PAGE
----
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House Committee Holds Hearing on the Regulatory Accountability Act

| Oct 27, 2011 | News

Senator Microphone.jpg At a House Judiciary Committee hearing earlier this week, members of Congress asked whether federal regulations need greater scrutiny.

Several witnesses testified that they do. These witnesses urged Congress to adopt the proposed Regulatory Accountability Act (RAA) which would codify economic analysis requirements and increase judicial scrutiny on the proposed rules having the greatest impact on the economy.

However, another witness and several members of the Committee cautioned that the RAA would bog down the rulemaking process, delaying the implementation of much needed rules.
The current economic downturn gave urgency to the hearing. According to Representative Lamar Smith (R-TX), the chair of the Judiciary Committee chair and a sponsor of the RAA, “[s]tanding in the way of growth and job creation is a wall of federal regulation.”
The RAA purports to respond to this “wall” by requiring agencies to justify their regulations’ costs and genuinely grapple with public comments submitted to the agency rather than treating the comment process as just “an after-the-fact exercise,” according to Rep. Smith.
Christopher DeMuth, a former head of a White House regulatory review office who is now with the American Enterprise Institute, testified that the RAA is needed because agencies lack sufficient incentives to consider the costs of their regulations. DeMuth claimed that current procedural requirements provide insufficient control over the wide discretion exercised by unelected bureaucratic officials.
In addition, too many regulations impose significant costs or create uncertainty for small businesses, testified Arnold B. Baker, the CEO of a small cement company in New Orleans.
Former Ambassador C. Boyden Gray lauded the RAA. Noting the large number of rules that must be developed by independent agencies to implement the Dodd-Frank Act, Gray favored the RAA’s provisions that would impose on independent agencies the same kinds of analytical requirements that have been imposed on executive branch agencies for the past several decades.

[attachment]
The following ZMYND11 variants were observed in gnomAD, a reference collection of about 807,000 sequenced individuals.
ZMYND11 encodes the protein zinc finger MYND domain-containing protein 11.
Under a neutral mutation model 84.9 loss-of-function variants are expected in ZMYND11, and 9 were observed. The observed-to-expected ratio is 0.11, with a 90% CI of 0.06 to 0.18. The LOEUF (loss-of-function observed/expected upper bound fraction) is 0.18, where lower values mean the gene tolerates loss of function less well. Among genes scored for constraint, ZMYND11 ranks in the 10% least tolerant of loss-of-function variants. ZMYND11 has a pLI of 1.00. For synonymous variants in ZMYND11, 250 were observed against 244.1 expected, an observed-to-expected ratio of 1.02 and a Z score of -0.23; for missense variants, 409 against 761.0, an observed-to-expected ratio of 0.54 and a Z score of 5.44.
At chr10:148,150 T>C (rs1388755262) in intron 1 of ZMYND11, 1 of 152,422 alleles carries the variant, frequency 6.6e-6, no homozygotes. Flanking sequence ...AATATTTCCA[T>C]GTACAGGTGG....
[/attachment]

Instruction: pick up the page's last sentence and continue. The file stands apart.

Professor Sidney Shapiro, University Distinguished Chair in Law at Wake Forest University Law School and Vice-President of the Center for Progressive Reform, spoke out against the bill. He argued that regulations’ benefits consistently outweigh their costs, so adding procedural requirements only delays the achievement of needed public value.
The “rulemaking process has [already] become an inordinately complex, time-consuming, and resource-intensive process,” Shapiro said. He claimed that it currently takes agencies up to eight years to complete rules, including judicial review, a length that he believed the RAA would increase up to twelve years.
By prolonging the regulatory process, the RAA would actually increase uncertainty for those needing to make investment decisions, Shapiro said.
He also argued that regulations often increase, not decrease, job opportunities on balance, suggesting that unemployment rates are lower in heavily regulated sectors like healthcare and finance than in unregulated ones.

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